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ichneumon

[ik-noo-muh n, -nyoo-]
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noun
  1. Also called African mongoose, Egyptian mongoose. a slender, long-tailed mongoose, Herpestes ichneumon, inhabiting Africa and southern Europe, and believed by the ancient Egyptians to devour crocodile eggs.
  2. ichneumon fly.
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Origin of ichneumon

1565–75; < Latin < Greek ichneúmōn tracker, equivalent to ichneú(ein) to track (see ichno-) + -mōn agent suffix
Dictionary.com Unabridged Based on the Random House Unabridged Dictionary, © Random House, Inc. 2018

Examples from the Web for ichneumon

Historical Examples

  • He was just a shade too light for nature, and the ichneumon has a pretty sense of colour.

    "Wee Tim'rous Beasties"

    Douglas English

  • In Europe it is preyed upon by minute ichneumon flies (Chalcids).

    Our Common Insects

    Alpheus Spring Packard

  • The ichneumon may be seen busily searching the bushes for her victim.

  • “Oh, that plant that the ichneumon resorts to when bitten,” exclaimed Macallan.

    The King's Own

    Captain Frederick Marryat

  • According to Pliny, the ichneumon was an object of veneration among the Egyptians.


British Dictionary definitions for ichneumon

ichneumon

noun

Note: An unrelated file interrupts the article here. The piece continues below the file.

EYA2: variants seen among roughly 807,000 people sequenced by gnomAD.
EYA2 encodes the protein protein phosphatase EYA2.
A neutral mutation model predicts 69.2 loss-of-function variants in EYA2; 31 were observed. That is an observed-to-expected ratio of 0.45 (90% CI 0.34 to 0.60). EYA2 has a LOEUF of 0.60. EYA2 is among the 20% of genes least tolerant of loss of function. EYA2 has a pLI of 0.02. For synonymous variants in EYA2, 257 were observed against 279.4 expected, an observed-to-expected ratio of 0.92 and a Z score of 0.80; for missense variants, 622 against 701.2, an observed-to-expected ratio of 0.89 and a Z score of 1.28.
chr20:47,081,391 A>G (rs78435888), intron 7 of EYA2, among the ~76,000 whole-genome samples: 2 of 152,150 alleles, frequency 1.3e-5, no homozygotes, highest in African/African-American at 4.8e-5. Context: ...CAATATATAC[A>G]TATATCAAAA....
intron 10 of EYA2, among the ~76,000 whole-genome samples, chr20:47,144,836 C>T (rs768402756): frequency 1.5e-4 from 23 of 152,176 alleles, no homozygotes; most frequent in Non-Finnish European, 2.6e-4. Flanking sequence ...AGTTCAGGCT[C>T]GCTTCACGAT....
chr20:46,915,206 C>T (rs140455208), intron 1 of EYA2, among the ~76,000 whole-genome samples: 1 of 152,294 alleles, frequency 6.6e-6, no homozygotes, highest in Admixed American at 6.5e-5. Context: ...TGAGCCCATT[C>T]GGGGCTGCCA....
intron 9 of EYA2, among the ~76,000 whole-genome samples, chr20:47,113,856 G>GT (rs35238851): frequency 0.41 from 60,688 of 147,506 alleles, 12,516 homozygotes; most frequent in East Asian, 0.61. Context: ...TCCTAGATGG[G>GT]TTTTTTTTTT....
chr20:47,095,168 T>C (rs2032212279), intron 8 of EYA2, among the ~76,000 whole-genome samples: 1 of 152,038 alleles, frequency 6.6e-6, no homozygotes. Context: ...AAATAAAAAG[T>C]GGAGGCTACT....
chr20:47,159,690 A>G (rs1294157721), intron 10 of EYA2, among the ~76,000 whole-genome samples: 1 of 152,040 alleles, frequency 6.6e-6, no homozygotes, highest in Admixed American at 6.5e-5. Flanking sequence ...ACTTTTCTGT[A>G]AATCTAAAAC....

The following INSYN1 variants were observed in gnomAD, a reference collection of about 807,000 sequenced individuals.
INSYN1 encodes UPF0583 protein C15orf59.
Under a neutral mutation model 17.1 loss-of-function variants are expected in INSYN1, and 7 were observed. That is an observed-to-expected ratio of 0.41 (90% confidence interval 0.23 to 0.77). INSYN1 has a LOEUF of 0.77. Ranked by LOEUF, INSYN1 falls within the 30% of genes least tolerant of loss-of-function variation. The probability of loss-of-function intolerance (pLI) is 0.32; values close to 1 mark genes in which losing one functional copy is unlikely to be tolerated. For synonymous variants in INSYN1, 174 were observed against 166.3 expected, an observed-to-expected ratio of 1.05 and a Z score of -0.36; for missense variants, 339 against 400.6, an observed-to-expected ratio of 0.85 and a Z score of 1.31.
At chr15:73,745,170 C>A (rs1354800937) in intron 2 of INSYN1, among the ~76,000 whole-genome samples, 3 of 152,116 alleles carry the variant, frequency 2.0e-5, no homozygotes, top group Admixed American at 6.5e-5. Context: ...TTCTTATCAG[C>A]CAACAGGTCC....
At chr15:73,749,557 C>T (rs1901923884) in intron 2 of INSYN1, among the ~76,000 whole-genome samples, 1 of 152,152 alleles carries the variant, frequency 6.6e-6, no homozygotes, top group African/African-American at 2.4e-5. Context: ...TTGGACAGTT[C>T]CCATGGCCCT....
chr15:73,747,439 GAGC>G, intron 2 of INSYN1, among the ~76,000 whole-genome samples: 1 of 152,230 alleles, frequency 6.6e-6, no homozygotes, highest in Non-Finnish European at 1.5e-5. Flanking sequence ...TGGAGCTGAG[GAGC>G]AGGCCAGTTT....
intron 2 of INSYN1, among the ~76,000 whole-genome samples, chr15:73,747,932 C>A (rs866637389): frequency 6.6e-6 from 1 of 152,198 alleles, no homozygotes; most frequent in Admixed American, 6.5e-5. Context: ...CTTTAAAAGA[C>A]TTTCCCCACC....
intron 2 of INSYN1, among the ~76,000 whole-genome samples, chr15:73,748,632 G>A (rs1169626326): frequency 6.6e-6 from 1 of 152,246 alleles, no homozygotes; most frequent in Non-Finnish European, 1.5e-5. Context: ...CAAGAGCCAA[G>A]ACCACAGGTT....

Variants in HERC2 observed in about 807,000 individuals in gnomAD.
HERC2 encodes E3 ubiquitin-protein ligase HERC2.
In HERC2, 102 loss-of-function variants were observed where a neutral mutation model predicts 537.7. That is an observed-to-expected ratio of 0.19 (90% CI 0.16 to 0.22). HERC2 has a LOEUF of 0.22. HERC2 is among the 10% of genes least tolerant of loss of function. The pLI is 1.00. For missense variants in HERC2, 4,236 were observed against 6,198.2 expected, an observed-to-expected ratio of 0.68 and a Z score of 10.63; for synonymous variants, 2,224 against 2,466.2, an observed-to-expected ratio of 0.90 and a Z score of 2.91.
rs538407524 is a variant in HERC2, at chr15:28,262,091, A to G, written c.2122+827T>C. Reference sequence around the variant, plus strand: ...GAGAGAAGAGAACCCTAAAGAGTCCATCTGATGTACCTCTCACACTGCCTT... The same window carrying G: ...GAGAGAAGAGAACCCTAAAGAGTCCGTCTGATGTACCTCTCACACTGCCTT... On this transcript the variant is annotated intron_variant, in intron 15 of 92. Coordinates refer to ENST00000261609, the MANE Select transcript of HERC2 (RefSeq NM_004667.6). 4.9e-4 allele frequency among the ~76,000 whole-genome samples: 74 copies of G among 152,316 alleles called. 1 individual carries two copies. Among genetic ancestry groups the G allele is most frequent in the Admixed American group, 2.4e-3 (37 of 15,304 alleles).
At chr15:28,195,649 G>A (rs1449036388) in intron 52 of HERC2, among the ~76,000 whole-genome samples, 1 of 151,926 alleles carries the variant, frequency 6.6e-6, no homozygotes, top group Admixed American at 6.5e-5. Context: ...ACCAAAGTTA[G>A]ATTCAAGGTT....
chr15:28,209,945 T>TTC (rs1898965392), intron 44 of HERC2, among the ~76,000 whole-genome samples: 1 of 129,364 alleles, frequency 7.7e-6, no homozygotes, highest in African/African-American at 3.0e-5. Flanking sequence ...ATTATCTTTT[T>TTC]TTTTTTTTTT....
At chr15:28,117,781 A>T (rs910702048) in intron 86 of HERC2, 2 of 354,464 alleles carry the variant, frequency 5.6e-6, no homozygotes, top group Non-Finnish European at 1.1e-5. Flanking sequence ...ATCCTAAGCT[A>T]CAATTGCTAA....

1. a mongoose, Herpestes ichneumon, of Africa and S Europe, having greyish-brown speckled fur
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Word Origin

C16: via Latin from Greek, literally: tracker, hunter, from ikhneuein to track, from ikhnos a footprint; so named from the animal's alleged ability to locate the eggs of crocodiles
Collins English Dictionary - Complete & Unabridged 2012 Digital Edition © William Collins Sons & Co. Ltd. 1979, 1986 © HarperCollins Publishers 1998, 2000, 2003, 2005, 2006, 2007, 2009, 2012

Word Origin and History for ichneumon

n.

1570s, originally a weasel-like animal in Egypt, Latinized from Greek ikhneumon, literally "searcher, tracker," perhaps because it hunts crocodile eggs, from ikhneuein "hunt for, track," from ikhnos "a track, footstep, trace, clue," of unknown origin. Used by Aristotle for a species of wasp that hunts spiders (a sense in English from 1650s).

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Online Etymology Dictionary, © 2010 Douglas Harper